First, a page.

guitar solos that you just want to go on forever. Paul Leary's guitar work
on this song is of epic proportions....inspired tortuous soaring guitar runs
that conjure up the vision of him trying to tear the strings off the fretboard
using just his fingertips. The whole production on this song is so good that
it just wants to carry you off to their own alternate world.

Hope this may move you to check out this truly great and highly
innovative band further.....Good Luck !!


Wednesday 5 March 2014

Druglord - Enter Venus

STB records once again come up trumps by putting out this
4 track monster of sludgey doomness from Druglord. Heavier,
bigger and more sonically powerful than their previous output,
“Enter Venus” should by all rights go onto many peoples playlists
and get stuck on repeat.

Distorted guitars that riff with the weight of unpromised misery
ooze out of the speakers giving the songs a suffocating feel that
rolls over the senses.

Vocals are reverbed and buried deep in the mix with claustrophobic
results. For me, doom has always meant more than recycled Sabbath 
riffs or  lyrics about burning witches. Hell, I love to listen to that all
day long but I also want concrete heavy guitars, slow hypnotic grooves,
an atmosphere of uneasy feelings, a soundtrack that can match the
tedium and hopelessness that I sometimes find myself in.

Druglord deliver all that and more - original riffs, great song
compositions and the finishing touch that gets my full vote of 
approval - fuzzed solos that make me want to weep tears of joy
as I break thing with a lump of wood with nails in the end.

This is a monster of an album that will be my companion
for a long time.

Get vinyl from STD Records



Thanks to STB Records for sending this to me.

Tuesday 4 March 2014

Carne - Ville Morgue

Hailing from France, Carne blast their way through a set of
tracks using a combination of noise rock, sludge and hardcore.

For a band throwing out such aggressive sounds, there is a
shit load of groove coming from these songs that raise them
above a lot of other sludge/hardcore bands around.

For a duo, the sound is big and almost live sounding - lack of
bass is made up for by low-end guitars which throb in all
the right places.

Tempo changes are expertly used to bring an extra touch of
pacing which help put some atmospherics into the bleak and
dark feel of things. There is a chaotic vibe that threatens to
unravel into a storm of pure, harsh noise but the solid
riffs, thunderous drumming and shouted vocals keep the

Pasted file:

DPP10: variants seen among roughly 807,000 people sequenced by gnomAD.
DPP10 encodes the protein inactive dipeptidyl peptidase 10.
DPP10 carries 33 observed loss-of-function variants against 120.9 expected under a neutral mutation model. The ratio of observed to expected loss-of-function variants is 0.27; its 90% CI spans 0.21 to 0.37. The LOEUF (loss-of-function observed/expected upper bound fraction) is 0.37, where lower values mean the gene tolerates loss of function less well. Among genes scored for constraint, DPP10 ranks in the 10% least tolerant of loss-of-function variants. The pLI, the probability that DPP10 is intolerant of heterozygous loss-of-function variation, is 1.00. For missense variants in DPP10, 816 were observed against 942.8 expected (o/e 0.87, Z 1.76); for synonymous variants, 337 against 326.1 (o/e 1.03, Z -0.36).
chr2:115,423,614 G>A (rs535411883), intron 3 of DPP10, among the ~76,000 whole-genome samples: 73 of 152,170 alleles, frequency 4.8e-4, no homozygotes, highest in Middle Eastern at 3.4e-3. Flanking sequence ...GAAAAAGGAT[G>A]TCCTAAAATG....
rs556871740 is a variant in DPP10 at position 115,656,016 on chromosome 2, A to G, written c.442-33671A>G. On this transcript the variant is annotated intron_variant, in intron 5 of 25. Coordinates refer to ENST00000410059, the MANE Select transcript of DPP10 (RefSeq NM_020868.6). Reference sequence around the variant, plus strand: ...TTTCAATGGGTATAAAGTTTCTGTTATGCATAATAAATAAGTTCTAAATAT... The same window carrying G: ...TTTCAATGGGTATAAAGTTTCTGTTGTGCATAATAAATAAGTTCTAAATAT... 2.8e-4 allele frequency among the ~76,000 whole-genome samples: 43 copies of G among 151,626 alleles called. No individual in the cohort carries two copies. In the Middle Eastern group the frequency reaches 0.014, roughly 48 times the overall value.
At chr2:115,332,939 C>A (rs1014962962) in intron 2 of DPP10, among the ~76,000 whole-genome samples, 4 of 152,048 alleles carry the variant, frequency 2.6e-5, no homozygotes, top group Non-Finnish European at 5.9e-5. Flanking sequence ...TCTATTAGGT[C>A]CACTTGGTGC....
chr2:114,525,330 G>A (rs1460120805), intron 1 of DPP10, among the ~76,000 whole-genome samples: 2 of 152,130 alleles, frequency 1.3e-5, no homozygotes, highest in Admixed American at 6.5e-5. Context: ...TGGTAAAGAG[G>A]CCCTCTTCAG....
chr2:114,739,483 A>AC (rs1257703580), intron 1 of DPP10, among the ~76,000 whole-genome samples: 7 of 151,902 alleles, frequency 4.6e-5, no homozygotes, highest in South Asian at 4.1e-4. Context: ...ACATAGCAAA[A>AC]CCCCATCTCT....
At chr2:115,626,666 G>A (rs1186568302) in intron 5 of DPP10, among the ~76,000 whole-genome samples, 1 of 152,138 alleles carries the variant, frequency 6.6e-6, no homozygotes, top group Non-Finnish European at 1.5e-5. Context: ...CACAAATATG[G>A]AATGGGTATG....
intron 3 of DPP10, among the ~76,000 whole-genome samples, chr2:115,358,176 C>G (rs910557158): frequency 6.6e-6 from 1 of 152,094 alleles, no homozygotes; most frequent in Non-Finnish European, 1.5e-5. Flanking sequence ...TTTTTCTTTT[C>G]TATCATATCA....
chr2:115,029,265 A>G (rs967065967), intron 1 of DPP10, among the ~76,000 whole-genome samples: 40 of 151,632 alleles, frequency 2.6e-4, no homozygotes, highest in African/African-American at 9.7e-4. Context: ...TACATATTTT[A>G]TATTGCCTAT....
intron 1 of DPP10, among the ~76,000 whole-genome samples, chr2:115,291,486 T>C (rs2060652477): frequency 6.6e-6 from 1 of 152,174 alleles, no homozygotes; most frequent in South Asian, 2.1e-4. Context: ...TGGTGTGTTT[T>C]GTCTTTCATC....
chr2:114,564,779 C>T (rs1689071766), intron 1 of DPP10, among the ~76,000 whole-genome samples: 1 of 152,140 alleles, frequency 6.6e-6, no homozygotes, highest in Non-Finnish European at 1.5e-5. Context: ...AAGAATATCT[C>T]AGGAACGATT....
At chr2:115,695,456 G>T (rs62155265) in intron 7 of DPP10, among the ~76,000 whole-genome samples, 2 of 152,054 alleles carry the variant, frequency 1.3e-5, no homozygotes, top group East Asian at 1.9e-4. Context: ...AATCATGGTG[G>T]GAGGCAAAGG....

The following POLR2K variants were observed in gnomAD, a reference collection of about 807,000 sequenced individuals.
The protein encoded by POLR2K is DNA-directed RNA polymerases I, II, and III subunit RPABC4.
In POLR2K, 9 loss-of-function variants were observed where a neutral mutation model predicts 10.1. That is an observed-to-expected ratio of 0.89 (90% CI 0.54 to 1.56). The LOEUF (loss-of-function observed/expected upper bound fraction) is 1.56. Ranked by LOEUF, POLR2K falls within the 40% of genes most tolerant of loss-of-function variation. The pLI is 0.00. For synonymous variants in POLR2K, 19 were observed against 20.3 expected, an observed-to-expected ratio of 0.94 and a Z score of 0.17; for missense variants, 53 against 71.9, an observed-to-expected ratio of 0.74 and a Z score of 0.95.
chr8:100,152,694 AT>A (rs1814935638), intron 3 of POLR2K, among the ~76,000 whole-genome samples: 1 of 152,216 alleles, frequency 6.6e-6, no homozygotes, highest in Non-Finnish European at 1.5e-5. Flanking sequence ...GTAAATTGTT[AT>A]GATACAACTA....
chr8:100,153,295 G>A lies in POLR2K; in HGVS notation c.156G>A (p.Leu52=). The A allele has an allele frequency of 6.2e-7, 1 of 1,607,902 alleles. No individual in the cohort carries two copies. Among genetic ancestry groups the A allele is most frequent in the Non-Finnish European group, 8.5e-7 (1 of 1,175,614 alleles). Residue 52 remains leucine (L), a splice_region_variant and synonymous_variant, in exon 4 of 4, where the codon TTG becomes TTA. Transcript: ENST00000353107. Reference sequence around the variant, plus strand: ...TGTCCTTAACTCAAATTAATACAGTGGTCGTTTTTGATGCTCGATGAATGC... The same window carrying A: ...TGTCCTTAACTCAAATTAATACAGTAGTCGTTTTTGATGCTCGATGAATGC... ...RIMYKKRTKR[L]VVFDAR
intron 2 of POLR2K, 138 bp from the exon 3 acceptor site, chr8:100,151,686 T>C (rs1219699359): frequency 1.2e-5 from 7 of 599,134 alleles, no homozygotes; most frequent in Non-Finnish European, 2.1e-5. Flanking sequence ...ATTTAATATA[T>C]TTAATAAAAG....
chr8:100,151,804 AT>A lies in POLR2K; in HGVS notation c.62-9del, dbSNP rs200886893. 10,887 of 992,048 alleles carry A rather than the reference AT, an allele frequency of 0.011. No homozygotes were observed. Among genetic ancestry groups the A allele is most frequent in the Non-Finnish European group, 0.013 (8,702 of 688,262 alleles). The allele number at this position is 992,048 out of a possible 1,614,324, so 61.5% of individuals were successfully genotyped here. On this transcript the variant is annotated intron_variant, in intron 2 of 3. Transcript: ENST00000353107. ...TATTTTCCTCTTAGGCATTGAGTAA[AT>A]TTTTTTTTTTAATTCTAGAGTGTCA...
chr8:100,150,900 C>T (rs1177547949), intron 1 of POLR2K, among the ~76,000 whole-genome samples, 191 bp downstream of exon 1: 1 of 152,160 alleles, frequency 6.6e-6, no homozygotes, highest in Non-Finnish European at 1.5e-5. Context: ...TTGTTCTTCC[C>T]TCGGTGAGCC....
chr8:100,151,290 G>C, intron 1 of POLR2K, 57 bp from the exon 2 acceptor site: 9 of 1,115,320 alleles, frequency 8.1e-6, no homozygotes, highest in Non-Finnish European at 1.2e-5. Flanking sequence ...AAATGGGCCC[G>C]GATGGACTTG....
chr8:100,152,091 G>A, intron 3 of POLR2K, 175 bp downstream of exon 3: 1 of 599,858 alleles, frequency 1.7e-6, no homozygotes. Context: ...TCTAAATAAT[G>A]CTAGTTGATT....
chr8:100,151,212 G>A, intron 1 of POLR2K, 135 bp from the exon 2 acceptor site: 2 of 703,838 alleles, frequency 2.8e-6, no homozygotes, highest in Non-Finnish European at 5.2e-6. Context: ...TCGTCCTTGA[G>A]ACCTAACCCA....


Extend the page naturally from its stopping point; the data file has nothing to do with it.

songs on an even keel.

This is the good shit.

Buy here from Bandcamp


Thanks to David at Scratch The Surface for sending this.

Monday 3 March 2014

A Letter of Apology to CONAN

Dear members of Conan,
I have foolishly ignored you for the last couple of years.
When "Monnos" came out in 2012 I thought it was quite good
but nothing special.

In 2013 I was at the London Desertfest and tried to get into the 
Underworld to see you but due to the size of the crowd could only 
see the very edge of a bass-rig and nothing else. After a while,
I wandered off to the next band. You sounded really good live though.

Maybe these guys will never be able to translate the live shows
into an album. Yeah, I actually thought that.

And now I have heard "Blood Eagle."

And now I am wearing a pair of horse-hair boxers and putting
sand in my eyes.

And now I am eating dung and smearing ashes on my face
and cutting myself with rusty razor blades.

What is that definable element that makes something good into
excellent? A slight perception in song arrangements? A semi-tone
lower in the audio spectrum.? A couple of years more exposure
to the underground world of sludge/doom?

Conan have produced something special in the world of heaviness.
This is an unstoppable juggernaut of sound and power.
Nothing will ever sound the same again.
This is one of this years albums.

I will never doubt you again,

All the best,


"Hither came Conan the Band, black-haired, sullen-eyed, guitars in hand, 
thieves, reavers, slayers, with gigantic melancholies and gigantic mirth, 
to tread the jeweled thrones of the Earth under their booted feet."

Super Doom Charts - February

It is that time of the month again ...... read what is good and
great in the underground murky swamp of doom and stoner
and all good thing heavy.

Check out what  LK Ultra and his good looking team of wise
and urbane hipsters have to say about the music you should
be listening to.